As Greg Gallier served sweaty glasses of frothy beer to the half dozen customers sitting on stools at his bar, he singled out one of them - "Hey, Arlen, do you use your air filter?"
"No," Arlen Jones quickly said, his thin body slightly slumped, cigarette casually held between his fingers. "I think I've had it on maybe once. Maybe I should."
"What about you?" Gallier said, nodding at another of his customers, a younger man in a blue and white plaid shirt sitting to Arlen's left. "Do you have a warm, fuzzy feeling because you have the filter?"
"It keeps the house clean," Howard Sheets replied. "I don't know that it makes any of us safer."
As Gallier went down the line, the Irrigon residents continued to express similar feelings about the air filters, the subject of a public hearing planned for Wednesday before the Umatilla County Board of Commissioners.
The filters are meant to provide added protection to residents living near the Umatilla Chemical Depot, which stores about 12 percent of the country's chemical arsenal. The U.S. Army intends to start incinerating the weapons this month. Irrigon, a town in Morrow County, is closest to the depot and to the incinerator. So far more than 800 of the filters have been distributed in town.
Umatilla, however, a town just miles down the road and across the county line, hasn't received any - and that's a sore point with its City Council. In late June, it asked the Umatilla County commissioners to reconsider its decision against funding the distribution of the filters. In making their decision, the commissioners said they were not convinced the filters offer enough value to justify their $500,000 price tag. The hearing Wednesday will allow Umatilla residents to appeal that decision.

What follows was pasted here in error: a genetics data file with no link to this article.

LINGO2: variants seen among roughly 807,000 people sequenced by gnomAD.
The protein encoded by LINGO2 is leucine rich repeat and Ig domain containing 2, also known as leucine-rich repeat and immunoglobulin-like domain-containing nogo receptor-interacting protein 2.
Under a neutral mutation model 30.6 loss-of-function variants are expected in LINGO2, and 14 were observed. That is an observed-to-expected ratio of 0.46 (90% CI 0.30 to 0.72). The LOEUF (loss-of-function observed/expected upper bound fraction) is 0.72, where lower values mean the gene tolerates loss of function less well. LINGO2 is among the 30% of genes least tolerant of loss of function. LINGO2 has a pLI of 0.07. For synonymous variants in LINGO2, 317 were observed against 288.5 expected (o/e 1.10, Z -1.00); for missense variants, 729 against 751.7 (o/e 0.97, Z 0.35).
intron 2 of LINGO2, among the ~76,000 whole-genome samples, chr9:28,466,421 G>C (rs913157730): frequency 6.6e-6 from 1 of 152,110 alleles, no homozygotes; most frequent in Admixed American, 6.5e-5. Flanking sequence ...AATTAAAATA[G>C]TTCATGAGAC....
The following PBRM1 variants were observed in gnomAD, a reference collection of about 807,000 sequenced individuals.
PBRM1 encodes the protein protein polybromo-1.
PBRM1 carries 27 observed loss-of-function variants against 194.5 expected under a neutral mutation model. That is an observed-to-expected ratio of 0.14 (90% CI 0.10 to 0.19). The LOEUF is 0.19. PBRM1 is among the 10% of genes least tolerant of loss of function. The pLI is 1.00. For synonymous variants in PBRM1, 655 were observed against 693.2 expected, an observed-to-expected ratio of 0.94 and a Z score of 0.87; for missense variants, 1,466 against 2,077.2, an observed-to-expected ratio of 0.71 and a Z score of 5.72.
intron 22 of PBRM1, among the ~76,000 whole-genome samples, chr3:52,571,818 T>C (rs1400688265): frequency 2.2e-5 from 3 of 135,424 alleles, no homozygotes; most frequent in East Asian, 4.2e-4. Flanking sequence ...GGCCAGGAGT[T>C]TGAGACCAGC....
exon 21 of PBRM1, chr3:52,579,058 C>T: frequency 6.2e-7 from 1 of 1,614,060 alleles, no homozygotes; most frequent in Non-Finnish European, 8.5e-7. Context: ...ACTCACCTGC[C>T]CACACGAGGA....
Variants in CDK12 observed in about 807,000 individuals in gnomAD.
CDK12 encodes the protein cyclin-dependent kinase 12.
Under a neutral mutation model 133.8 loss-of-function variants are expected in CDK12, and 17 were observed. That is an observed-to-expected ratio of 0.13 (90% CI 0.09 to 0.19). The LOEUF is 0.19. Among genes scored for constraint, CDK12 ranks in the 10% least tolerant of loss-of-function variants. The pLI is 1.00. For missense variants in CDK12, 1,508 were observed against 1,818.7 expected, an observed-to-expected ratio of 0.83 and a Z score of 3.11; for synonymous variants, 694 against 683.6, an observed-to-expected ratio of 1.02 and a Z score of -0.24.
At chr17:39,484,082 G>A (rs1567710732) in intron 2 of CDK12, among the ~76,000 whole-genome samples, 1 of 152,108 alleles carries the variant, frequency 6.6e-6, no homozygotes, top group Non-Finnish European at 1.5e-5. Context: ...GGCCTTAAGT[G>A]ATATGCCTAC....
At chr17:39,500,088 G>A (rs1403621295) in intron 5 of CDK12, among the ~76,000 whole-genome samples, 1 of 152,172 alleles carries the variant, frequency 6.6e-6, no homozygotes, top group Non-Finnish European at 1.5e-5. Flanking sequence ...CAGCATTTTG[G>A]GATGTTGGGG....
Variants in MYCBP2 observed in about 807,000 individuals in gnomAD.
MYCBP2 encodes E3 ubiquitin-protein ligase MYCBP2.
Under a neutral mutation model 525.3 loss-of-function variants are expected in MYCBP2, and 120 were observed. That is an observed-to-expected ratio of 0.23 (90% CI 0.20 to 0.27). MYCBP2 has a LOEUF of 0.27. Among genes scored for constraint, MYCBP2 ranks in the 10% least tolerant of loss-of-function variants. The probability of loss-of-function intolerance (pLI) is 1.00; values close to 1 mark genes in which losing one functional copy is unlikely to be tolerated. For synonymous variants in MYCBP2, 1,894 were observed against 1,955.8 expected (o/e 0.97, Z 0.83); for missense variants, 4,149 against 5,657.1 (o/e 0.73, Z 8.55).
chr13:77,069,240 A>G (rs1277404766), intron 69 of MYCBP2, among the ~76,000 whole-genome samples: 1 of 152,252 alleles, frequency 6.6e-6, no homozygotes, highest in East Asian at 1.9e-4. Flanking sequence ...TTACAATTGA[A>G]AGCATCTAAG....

"We're going to go down to protest it because we feel we need that additional layer of protection," said George Hash, Umatilla's mayor. "The money is there. Morrow County has them. I can see no reason at all why we should not have this added element of safety."
The filters are to be used primarily to enhance sheltering-in-place, the procedure residents closest to the depot would follow in the event of an accident involving the chemical weapons. The portable machines will catch any nerve or blister agent that makes it through the plastic and duct tape residents would put in place, according to Randall Dodd, president of Clean Air Systems and a consultant who helped design the filters.
The filters also can be used on a daily basis for normal air filtering of dust and cat hair and such, said Casey Beard, director of Morrow County's Emergency Management.
They cost about $300 each, Beard said, and are being paid for and distributed by the Chemical Stockpile Emergency Preparedness Program (CSEPP), a federally funded program meant to ensure the protection of communities living near the depot.
Umatilla County's commissioners said the filters would do little to mitigate the risk, calculated at a 1 in 270,000 chance of a fatality in Umatilla from a depot accident, roughly equivalent to the chances of someone being struck by lightening.
While Umatilla's politicians feel slighted by the county's refusal to provide the filters, residents in Irrigon and Umatilla said the filters aren't such a big deal. They said they'd rather their tax dollars were spent elsewhere.
Mirroring the sentiments said at Greg's Tavern in Irrigon, Sam Whitlock, a nine-year resident of Umatilla, explained, "I think most of the people who will want them won't want them for the depot. They're going to get them because they're free and another thing for them to have."
"It's just another fleecing of America," said James Johannbroer, a Umatilla resident for 15 years who was sharing company with Whitlock at a bar in Umatilla.
But what about that warm, fuzzy safe feeling the filters could provide?
"I don't know if it's going to do any good," said Richard Ingalls, an Irrigon resident living near Southeast Seventh Street. He was watering his lawn Tuesday afternoon and said he had a filter inside his home, but it was sitting unplugged in his dining room, collecting dust.
"It works. But if an emergency comes up, I'm going to jump in the car and go that way," he said, pointing east.
Back at Greg's Tavern in Irrigon, Jennifer Smith, the next in line for the questioning by bartender Gallier, said she doesn't worry about an accident at the depot. But the filter is nice, she said.
"My allergies aren't as bad," she quipped.
Summing up his findings, the bartender Gallier offered this opinion to Umatilla County residents: "We like our filters, but for the wrong reason."